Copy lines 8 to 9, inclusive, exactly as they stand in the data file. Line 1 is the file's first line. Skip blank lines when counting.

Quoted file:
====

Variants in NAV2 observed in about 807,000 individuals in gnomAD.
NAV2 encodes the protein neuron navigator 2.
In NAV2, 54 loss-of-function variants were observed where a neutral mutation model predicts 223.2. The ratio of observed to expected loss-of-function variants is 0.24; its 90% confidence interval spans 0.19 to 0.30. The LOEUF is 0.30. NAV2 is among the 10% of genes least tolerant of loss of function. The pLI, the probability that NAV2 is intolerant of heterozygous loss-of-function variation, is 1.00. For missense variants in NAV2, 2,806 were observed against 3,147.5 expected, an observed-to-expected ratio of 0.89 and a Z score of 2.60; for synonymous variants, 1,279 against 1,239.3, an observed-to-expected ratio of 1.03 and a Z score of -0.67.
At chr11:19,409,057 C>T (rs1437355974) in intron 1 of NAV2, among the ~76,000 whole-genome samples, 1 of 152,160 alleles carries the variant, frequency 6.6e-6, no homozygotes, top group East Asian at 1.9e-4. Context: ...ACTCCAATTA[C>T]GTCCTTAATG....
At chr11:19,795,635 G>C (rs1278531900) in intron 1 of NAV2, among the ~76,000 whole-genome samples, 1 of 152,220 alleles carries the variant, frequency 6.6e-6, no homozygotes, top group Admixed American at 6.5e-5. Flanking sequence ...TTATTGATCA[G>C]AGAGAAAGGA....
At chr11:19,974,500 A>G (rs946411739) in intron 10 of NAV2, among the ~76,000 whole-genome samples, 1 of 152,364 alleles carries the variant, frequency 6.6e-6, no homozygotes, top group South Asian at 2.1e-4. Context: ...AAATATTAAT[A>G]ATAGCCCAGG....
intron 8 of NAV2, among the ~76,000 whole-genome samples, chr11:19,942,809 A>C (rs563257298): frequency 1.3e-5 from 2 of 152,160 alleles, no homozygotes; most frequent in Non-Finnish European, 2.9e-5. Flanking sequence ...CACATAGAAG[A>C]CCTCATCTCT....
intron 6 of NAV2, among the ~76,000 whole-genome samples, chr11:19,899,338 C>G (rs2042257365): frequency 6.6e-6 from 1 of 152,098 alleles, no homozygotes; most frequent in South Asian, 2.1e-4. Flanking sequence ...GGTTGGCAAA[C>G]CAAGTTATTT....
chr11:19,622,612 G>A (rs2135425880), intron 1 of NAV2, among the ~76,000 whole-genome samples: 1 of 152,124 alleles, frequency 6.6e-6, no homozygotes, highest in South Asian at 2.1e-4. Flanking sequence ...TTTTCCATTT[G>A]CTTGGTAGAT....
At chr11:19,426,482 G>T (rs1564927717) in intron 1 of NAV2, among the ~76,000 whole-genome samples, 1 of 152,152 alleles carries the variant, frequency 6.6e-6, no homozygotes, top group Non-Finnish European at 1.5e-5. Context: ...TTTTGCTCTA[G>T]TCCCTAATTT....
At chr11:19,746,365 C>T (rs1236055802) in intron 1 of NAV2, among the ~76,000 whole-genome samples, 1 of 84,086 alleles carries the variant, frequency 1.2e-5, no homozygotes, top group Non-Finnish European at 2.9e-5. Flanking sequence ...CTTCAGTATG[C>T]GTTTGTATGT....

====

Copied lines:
intron 6 of NAV2, among the ~76,000 whole-genome samples, chr11:19,899,338 C>G (rs2042257365): frequency 6.6e-6 from 1 of 152,098 alleles, no homozygotes; most frequent in South Asian, 2.1e-4. Flanking sequence ...GGTTGGCAAA[C>G]CAAGTTATTT....
chr11:19,622,612 G>A (rs2135425880), intron 1 of NAV2, among the ~76,000 whole-genome samples: 1 of 152,124 alleles, frequency 6.6e-6, no homozygotes, highest in South Asian at 2.1e-4. Flanking sequence ...TTTTCCATTT[G>A]CTTGGTAGAT....